Tomorrow is my last big lecture at McGill. In the winter/spring, I will teach only 80 students at a time, rather than 600. As much as I whine about the ten percent problem (where 10% of the students in any class tend to be fairly clueless about following instructions and a big class just means heaps more of these folks), I do enjoy the big room and the big platform.
As readers of this blog have figured out by now, I am an attention hound. I do like the stage and the challenge of keeping the 400-550 students awake. Plus the challenge of keeping the room as full as I can get it. I didn't make it easy on myself as I do post on the course webpage not only the slides but the automatic audio recordings. So, students can blow off the class and then get the lecture downloaded so that they can listen to me while they exercise. That image has always delighted me--that I am putting student drivers to sleep, un-motivating them when they try to exercise and so on.
The big lecture class is not the optimal way to learn anything, but given the resource constraints and the heap of interest in the topic, it has not be an awful way to be educated either. I have worked to make it better with cheezy demonstrations (comparing apples and oranges quite literally) and video clips. I have sometimes erred by doing too much of that kind of thing. I still read all the evals I can get so that I can figure out the proper balance. I changed the textbook a couple of years ago, which forced me to re-think some stuff.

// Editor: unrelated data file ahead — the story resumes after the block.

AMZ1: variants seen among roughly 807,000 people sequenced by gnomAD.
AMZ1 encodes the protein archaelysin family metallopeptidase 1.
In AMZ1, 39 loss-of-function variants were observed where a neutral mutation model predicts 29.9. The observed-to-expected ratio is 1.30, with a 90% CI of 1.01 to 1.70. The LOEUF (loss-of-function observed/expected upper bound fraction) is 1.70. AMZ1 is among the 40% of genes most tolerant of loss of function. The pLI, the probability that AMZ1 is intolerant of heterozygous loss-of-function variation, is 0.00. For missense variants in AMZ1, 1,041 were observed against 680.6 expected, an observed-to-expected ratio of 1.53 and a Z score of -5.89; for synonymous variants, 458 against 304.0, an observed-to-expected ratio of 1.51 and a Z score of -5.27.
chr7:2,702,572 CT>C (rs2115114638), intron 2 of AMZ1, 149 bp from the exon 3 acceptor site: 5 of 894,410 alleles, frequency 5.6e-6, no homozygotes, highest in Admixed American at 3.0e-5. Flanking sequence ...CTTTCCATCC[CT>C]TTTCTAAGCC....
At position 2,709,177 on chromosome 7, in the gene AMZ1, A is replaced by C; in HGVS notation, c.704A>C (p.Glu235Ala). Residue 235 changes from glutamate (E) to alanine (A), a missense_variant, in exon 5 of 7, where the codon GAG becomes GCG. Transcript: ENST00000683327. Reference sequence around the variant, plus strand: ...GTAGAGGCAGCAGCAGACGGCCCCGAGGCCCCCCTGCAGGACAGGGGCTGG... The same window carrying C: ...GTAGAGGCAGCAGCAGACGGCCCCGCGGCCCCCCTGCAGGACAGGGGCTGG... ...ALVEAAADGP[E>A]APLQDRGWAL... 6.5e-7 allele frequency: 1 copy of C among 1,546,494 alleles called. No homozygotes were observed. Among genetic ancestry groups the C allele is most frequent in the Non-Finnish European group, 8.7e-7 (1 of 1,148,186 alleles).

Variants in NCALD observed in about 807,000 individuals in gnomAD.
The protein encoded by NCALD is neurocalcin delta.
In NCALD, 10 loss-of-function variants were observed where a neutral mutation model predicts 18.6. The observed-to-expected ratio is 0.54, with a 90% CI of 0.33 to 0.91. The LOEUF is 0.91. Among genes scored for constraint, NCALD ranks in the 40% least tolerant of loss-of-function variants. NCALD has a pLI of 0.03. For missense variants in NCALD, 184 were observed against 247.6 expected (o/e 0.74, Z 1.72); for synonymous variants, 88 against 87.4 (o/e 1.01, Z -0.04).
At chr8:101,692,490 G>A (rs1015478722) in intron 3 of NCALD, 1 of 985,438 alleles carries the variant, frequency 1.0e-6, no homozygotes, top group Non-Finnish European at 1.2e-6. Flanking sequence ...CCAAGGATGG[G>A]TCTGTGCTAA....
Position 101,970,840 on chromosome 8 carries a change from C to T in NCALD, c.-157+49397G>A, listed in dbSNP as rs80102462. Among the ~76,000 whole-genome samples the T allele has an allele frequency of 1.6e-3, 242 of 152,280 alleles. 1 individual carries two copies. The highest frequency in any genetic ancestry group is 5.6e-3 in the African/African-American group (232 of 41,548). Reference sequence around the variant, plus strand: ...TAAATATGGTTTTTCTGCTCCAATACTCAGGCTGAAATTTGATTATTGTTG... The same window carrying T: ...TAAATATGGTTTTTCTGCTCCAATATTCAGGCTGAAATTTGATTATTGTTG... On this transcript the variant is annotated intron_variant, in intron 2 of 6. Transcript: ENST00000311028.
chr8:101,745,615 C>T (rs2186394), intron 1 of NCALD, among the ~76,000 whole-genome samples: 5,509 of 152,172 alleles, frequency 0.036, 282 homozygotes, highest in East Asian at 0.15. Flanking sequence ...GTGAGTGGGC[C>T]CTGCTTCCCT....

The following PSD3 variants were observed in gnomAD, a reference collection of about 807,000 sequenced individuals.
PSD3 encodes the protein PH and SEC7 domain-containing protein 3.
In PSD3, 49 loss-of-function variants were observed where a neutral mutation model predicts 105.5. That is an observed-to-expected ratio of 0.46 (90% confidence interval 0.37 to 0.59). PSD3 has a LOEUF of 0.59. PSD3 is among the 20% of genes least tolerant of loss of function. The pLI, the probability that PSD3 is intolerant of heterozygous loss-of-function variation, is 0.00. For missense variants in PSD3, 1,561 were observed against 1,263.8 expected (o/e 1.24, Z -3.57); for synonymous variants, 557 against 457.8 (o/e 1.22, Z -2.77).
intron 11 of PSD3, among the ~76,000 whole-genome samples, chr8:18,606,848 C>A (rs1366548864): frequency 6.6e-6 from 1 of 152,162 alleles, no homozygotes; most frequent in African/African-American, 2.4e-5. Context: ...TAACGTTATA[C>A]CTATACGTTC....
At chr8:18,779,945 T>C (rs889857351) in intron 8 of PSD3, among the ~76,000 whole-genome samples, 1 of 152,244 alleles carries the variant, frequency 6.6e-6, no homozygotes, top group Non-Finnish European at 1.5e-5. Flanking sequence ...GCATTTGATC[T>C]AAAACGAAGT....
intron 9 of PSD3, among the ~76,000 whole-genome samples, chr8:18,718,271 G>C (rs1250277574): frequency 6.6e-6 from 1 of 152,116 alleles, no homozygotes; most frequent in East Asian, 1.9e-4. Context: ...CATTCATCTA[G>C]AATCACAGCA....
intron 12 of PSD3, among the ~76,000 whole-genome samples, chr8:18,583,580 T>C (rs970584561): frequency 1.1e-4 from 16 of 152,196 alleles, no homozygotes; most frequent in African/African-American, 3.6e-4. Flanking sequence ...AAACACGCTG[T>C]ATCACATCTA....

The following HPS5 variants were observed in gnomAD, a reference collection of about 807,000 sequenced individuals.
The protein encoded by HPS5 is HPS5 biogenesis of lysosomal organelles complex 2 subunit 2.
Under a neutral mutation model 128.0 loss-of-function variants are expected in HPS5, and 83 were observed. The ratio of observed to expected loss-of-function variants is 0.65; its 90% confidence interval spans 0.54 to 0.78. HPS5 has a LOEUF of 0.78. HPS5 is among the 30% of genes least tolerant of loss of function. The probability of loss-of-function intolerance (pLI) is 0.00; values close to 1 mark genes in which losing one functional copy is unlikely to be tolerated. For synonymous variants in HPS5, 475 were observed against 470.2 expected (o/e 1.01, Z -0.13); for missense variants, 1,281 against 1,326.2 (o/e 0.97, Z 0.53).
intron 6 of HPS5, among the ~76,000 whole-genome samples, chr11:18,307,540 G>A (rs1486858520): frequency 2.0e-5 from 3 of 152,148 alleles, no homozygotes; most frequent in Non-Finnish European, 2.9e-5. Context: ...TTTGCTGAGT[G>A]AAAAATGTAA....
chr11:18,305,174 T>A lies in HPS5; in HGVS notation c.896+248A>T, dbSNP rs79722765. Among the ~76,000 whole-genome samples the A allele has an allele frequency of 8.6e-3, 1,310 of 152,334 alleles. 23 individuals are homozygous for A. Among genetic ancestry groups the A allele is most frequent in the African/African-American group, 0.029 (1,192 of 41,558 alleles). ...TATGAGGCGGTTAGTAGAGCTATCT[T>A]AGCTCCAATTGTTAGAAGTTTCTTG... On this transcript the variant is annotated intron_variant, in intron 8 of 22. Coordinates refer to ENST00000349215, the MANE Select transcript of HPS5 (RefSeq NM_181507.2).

The great thing about the class is that the world is always changing yet remaining the same--so the concepts still matter but the examples change. Well, some stuff of substance does change and so I have emphasized different things over the years. I am more willing to be clear about my bias (that the decision to fire the entire Iraq army in 2003 was the stupidest decision in US foreign policy) than before. Passion can keep them (and me) awake.
Anyhow, it has been a fun several years, although having around two
thousand students (three plus year's worth of students) recognize me
(and me not being that able to recognize most of them) around campus and
downtown has been strange. I am sure I will be far more anonymous in the smaller city of Ottawa.
While I am looking forward to the change, I will miss these students and this class. I always insist that International Relations is the most inherently interesting subfield in political science, that the intro class is an opportunity to demonstrate this truth and enjoy the teaching of it. Alas, life is full of tradeoffs (which is one of the lessons of the class).